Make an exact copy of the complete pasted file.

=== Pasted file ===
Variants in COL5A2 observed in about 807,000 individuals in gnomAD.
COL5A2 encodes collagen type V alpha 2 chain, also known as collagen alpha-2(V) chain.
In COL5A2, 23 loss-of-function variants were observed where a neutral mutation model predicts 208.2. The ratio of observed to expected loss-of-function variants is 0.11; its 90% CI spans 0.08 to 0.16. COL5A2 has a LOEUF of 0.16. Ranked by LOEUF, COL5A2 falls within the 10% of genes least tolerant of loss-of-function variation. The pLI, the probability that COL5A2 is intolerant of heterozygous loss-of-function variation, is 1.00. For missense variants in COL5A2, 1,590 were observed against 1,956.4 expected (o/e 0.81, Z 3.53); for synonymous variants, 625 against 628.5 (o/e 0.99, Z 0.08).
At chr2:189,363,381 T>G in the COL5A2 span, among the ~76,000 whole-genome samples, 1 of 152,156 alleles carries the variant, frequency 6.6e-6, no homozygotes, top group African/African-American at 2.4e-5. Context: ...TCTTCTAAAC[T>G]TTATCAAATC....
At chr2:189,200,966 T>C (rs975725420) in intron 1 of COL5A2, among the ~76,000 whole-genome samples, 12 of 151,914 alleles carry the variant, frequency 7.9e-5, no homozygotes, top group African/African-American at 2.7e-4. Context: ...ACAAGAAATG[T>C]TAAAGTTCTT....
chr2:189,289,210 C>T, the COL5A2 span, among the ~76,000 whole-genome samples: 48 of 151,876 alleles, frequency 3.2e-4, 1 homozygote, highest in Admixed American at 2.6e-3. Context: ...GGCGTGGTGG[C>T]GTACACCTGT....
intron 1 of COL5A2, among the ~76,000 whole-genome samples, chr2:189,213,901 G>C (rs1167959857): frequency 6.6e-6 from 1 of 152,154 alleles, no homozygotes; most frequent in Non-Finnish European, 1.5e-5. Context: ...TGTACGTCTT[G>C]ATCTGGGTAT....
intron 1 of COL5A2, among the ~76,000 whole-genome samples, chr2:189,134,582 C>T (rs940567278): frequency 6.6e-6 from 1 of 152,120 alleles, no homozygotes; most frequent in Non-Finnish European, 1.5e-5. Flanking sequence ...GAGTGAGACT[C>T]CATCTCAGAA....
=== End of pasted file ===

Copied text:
Variants in COL5A2 observed in about 807,000 individuals in gnomAD.
COL5A2 encodes collagen type V alpha 2 chain, also known as collagen alpha-2(V) chain.
In COL5A2, 23 loss-of-function variants were observed where a neutral mutation model predicts 208.2. The ratio of observed to expected loss-of-function variants is 0.11; its 90% CI spans 0.08 to 0.16. COL5A2 has a LOEUF of 0.16. Ranked by LOEUF, COL5A2 falls within the 10% of genes least tolerant of loss-of-function variation. The pLI, the probability that COL5A2 is intolerant of heterozygous loss-of-function variation, is 1.00. For missense variants in COL5A2, 1,590 were observed against 1,956.4 expected (o/e 0.81, Z 3.53); for synonymous variants, 625 against 628.5 (o/e 0.99, Z 0.08).
At chr2:189,363,381 T>G in the COL5A2 span, among the ~76,000 whole-genome samples, 1 of 152,156 alleles carries the variant, frequency 6.6e-6, no homozygotes, top group African/African-American at 2.4e-5. Context: ...TCTTCTAAAC[T>G]TTATCAAATC....
At chr2:189,200,966 T>C (rs975725420) in intron 1 of COL5A2, among the ~76,000 whole-genome samples, 12 of 151,914 alleles carry the variant, frequency 7.9e-5, no homozygotes, top group African/African-American at 2.7e-4. Context: ...ACAAGAAATG[T>C]TAAAGTTCTT....
chr2:189,289,210 C>T, the COL5A2 span, among the ~76,000 whole-genome samples: 48 of 151,876 alleles, frequency 3.2e-4, 1 homozygote, highest in Admixed American at 2.6e-3. Context: ...GGCGTGGTGG[C>T]GTACACCTGT....
intron 1 of COL5A2, among the ~76,000 whole-genome samples, chr2:189,213,901 G>C (rs1167959857): frequency 6.6e-6 from 1 of 152,154 alleles, no homozygotes; most frequent in Non-Finnish European, 1.5e-5. Context: ...TGTACGTCTT[G>C]ATCTGGGTAT....
intron 1 of COL5A2, among the ~76,000 whole-genome samples, chr2:189,134,582 C>T (rs940567278): frequency 6.6e-6 from 1 of 152,120 alleles, no homozygotes; most frequent in Non-Finnish European, 1.5e-5. Flanking sequence ...GAGTGAGACT[C>T]CATCTCAGAA....